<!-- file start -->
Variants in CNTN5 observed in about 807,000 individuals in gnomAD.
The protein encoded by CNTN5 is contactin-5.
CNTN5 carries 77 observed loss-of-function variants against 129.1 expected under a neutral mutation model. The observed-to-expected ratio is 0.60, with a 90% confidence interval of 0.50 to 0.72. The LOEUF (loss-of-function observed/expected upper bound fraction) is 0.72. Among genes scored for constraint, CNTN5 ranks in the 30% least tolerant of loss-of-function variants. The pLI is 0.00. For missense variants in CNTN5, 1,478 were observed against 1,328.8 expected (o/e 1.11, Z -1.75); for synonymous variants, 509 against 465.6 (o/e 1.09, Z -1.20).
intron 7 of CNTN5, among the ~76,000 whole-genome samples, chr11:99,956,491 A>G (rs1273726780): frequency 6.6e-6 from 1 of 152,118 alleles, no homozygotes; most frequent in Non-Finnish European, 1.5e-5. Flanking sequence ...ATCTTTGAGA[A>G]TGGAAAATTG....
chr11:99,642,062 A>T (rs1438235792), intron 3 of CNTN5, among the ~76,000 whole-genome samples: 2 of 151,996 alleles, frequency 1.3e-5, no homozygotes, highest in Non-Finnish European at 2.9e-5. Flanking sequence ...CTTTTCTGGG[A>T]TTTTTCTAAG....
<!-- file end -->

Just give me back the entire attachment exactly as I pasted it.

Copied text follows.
Variants in CNTN5 observed in about 807,000 individuals in gnomAD.
The protein encoded by CNTN5 is contactin-5.
CNTN5 carries 77 observed loss-of-function variants against 129.1 expected under a neutral mutation model. The observed-to-expected ratio is 0.60, with a 90% confidence interval of 0.50 to 0.72. The LOEUF (loss-of-function observed/expected upper bound fraction) is 0.72. Among genes scored for constraint, CNTN5 ranks in the 30% least tolerant of loss-of-function variants. The pLI is 0.00. For missense variants in CNTN5, 1,478 were observed against 1,328.8 expected (o/e 1.11, Z -1.75); for synonymous variants, 509 against 465.6 (o/e 1.09, Z -1.20).
intron 7 of CNTN5, among the ~76,000 whole-genome samples, chr11:99,956,491 A>G (rs1273726780): frequency 6.6e-6 from 1 of 152,118 alleles, no homozygotes; most frequent in Non-Finnish European, 1.5e-5. Flanking sequence ...ATCTTTGAGA[A>G]TGGAAAATTG....
chr11:99,642,062 A>T (rs1438235792), intron 3 of CNTN5, among the ~76,000 whole-genome samples: 2 of 151,996 alleles, frequency 1.3e-5, no homozygotes, highest in Non-Finnish European at 2.9e-5. Flanking sequence ...CTTTTCTGGG[A>T]TTTTTCTAAG....